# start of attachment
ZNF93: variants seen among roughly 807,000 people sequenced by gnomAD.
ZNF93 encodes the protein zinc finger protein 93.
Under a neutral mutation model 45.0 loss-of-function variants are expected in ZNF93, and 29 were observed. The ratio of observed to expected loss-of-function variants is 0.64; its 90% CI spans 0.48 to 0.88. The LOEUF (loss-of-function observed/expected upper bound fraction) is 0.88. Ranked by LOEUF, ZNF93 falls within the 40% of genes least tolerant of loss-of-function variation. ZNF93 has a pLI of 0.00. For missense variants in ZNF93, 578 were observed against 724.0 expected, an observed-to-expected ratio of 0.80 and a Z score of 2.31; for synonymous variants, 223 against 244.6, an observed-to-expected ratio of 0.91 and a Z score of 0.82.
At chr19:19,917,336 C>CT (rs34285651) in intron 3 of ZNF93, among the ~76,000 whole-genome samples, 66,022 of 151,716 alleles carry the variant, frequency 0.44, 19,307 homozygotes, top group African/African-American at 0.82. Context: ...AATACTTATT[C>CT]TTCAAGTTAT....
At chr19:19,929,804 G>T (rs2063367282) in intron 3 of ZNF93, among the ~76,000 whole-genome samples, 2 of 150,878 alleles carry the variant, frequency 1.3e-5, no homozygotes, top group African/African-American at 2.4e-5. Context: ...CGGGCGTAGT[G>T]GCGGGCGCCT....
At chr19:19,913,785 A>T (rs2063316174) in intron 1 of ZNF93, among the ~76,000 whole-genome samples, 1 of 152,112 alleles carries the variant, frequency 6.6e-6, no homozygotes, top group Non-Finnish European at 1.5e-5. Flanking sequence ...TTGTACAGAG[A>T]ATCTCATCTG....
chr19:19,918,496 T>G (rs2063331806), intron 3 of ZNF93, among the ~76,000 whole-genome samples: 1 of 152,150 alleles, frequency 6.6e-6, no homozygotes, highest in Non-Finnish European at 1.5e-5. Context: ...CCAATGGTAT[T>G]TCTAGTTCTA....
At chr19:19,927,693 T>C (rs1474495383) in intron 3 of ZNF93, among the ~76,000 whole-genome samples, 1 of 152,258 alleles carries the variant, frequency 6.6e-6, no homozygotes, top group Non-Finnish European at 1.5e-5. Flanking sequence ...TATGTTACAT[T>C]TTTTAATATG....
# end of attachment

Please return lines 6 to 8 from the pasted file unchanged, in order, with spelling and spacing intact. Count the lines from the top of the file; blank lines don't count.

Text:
At chr19:19,913,785 A>T (rs2063316174) in intron 1 of ZNF93, among the ~76,000 whole-genome samples, 1 of 152,112 alleles carries the variant, frequency 6.6e-6, no homozygotes, top group Non-Finnish European at 1.5e-5. Flanking sequence ...TTGTACAGAG[A>T]ATCTCATCTG....
chr19:19,918,496 T>G (rs2063331806), intron 3 of ZNF93, among the ~76,000 whole-genome samples: 1 of 152,150 alleles, frequency 6.6e-6, no homozygotes, highest in Non-Finnish European at 1.5e-5. Context: ...CCAATGGTAT[T>G]TCTAGTTCTA....
At chr19:19,927,693 T>C (rs1474495383) in intron 3 of ZNF93, among the ~76,000 whole-genome samples, 1 of 152,258 alleles carries the variant, frequency 6.6e-6, no homozygotes, top group Non-Finnish European at 1.5e-5. Flanking sequence ...TATGTTACAT[T>C]TTTTAATATG....